If the weather remains cold NG prices may easily double from current level, if it gets warm, it will go back below half of what it is. Sooner or later it will go down.

Open Mind described some of the contradictory imperatives in NatGas production, storage, consumption and subsequent pricing, and generally described as "conventional wisdom". But in the final analysis, looking beyond accusations that the NatGas market is generally rigged, this market responds incredibly well, and quickly, to the economic Law of Supply and Demand." And we add to that -- to the vagaries of weather.

I was pointing that out to members of the PAM community who may be not be aware that there is a NatGas financial variable that can be traded profitably, if prevailing "conventional wisdom" is put on hold, and one sticks to the pure fundamentals. The tools described below were developed to meet the interest of the PAM community to the potential of NatGas as a trading or investment instrument. Indeed, this year's internal price structure may be somewhat unique as illustrated by the NatGas calendar strip (see chart below):

Off the bat, we see how the current price rise is exceeding all expectations built into the price strip by a wide margin. That is a recipe for extreme volatility in the near future. Here is one of the underlying reasons why we are seeing this at this time:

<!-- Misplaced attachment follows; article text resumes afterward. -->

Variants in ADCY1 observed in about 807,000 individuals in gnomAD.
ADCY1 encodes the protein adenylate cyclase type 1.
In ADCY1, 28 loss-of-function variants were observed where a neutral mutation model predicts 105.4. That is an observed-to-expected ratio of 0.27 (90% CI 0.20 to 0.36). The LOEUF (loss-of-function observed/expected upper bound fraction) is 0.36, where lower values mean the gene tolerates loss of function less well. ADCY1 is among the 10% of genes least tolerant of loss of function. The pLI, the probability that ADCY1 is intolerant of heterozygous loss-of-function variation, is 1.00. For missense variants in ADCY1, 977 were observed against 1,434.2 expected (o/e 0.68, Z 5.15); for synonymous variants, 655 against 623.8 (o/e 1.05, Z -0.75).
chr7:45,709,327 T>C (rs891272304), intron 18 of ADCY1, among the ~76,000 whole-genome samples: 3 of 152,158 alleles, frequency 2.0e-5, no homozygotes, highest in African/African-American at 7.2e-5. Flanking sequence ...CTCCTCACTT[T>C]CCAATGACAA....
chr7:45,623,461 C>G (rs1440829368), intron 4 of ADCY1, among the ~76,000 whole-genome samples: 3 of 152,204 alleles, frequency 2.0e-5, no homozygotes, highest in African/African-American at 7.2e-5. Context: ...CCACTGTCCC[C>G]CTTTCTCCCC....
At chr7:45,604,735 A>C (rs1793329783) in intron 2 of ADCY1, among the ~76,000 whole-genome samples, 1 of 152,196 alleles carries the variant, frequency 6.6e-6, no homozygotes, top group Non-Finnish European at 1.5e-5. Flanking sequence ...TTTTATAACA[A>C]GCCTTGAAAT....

For the 2108-2019 winter season, consumption has been outpacing supply to the tune of 650 - 750 Bcf over the five-year average, and that trend is expected by the models to persist until February next year. What exacerbates the supply-demand balance is that the the NatGas working inventories this season are well below those of the past seven years (see chart below).

Even as supply constraints roil the NatGas market, colder atmospheric temperature made its appearance earlier than usual, requiring net inventory withdrawal that is basically the strongest over the past seven years (see chart below). This is causing a classic squeeze on supply availability.

This classic supply squeeze has provided a lot of lessons for us at PAM management in developing the tools that we will describe in the latter part of this article.